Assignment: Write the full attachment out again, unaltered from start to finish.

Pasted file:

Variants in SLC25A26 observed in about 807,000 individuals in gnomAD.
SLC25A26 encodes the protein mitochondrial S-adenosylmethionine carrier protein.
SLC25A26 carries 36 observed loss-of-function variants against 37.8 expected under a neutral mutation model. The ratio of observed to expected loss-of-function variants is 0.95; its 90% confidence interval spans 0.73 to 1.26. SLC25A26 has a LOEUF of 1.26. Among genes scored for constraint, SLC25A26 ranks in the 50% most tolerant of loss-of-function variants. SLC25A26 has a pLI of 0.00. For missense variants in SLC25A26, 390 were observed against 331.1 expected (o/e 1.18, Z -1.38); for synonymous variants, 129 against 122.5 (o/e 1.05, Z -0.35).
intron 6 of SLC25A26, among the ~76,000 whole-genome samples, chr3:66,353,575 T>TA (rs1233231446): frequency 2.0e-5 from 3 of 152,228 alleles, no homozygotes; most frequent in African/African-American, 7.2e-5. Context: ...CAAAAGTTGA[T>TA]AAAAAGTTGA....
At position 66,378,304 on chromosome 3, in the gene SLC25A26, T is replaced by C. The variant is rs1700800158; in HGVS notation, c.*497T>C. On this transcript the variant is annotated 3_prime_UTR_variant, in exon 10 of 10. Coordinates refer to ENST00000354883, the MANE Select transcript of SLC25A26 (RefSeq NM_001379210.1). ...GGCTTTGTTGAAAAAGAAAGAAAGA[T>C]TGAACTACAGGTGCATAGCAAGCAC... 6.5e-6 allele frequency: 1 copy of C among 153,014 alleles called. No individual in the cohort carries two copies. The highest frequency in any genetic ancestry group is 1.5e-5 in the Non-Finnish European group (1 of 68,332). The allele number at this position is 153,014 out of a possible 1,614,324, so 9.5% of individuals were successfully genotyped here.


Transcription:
Variants in SLC25A26 observed in about 807,000 individuals in gnomAD.
SLC25A26 encodes the protein mitochondrial S-adenosylmethionine carrier protein.
SLC25A26 carries 36 observed loss-of-function variants against 37.8 expected under a neutral mutation model. The ratio of observed to expected loss-of-function variants is 0.95; its 90% confidence interval spans 0.73 to 1.26. SLC25A26 has a LOEUF of 1.26. Among genes scored for constraint, SLC25A26 ranks in the 50% most tolerant of loss-of-function variants. SLC25A26 has a pLI of 0.00. For missense variants in SLC25A26, 390 were observed against 331.1 expected (o/e 1.18, Z -1.38); for synonymous variants, 129 against 122.5 (o/e 1.05, Z -0.35).
intron 6 of SLC25A26, among the ~76,000 whole-genome samples, chr3:66,353,575 T>TA (rs1233231446): frequency 2.0e-5 from 3 of 152,228 alleles, no homozygotes; most frequent in African/African-American, 7.2e-5. Context: ...CAAAAGTTGA[T>TA]AAAAAGTTGA....
At position 66,378,304 on chromosome 3, in the gene SLC25A26, T is replaced by C. The variant is rs1700800158; in HGVS notation, c.*497T>C. On this transcript the variant is annotated 3_prime_UTR_variant, in exon 10 of 10. Coordinates refer to ENST00000354883, the MANE Select transcript of SLC25A26 (RefSeq NM_001379210.1). ...GGCTTTGTTGAAAAAGAAAGAAAGA[T>C]TGAACTACAGGTGCATAGCAAGCAC... 6.5e-6 allele frequency: 1 copy of C among 153,014 alleles called. No individual in the cohort carries two copies. The highest frequency in any genetic ancestry group is 1.5e-5 in the Non-Finnish European group (1 of 68,332). The allele number at this position is 153,014 out of a possible 1,614,324, so 9.5% of individuals were successfully genotyped here.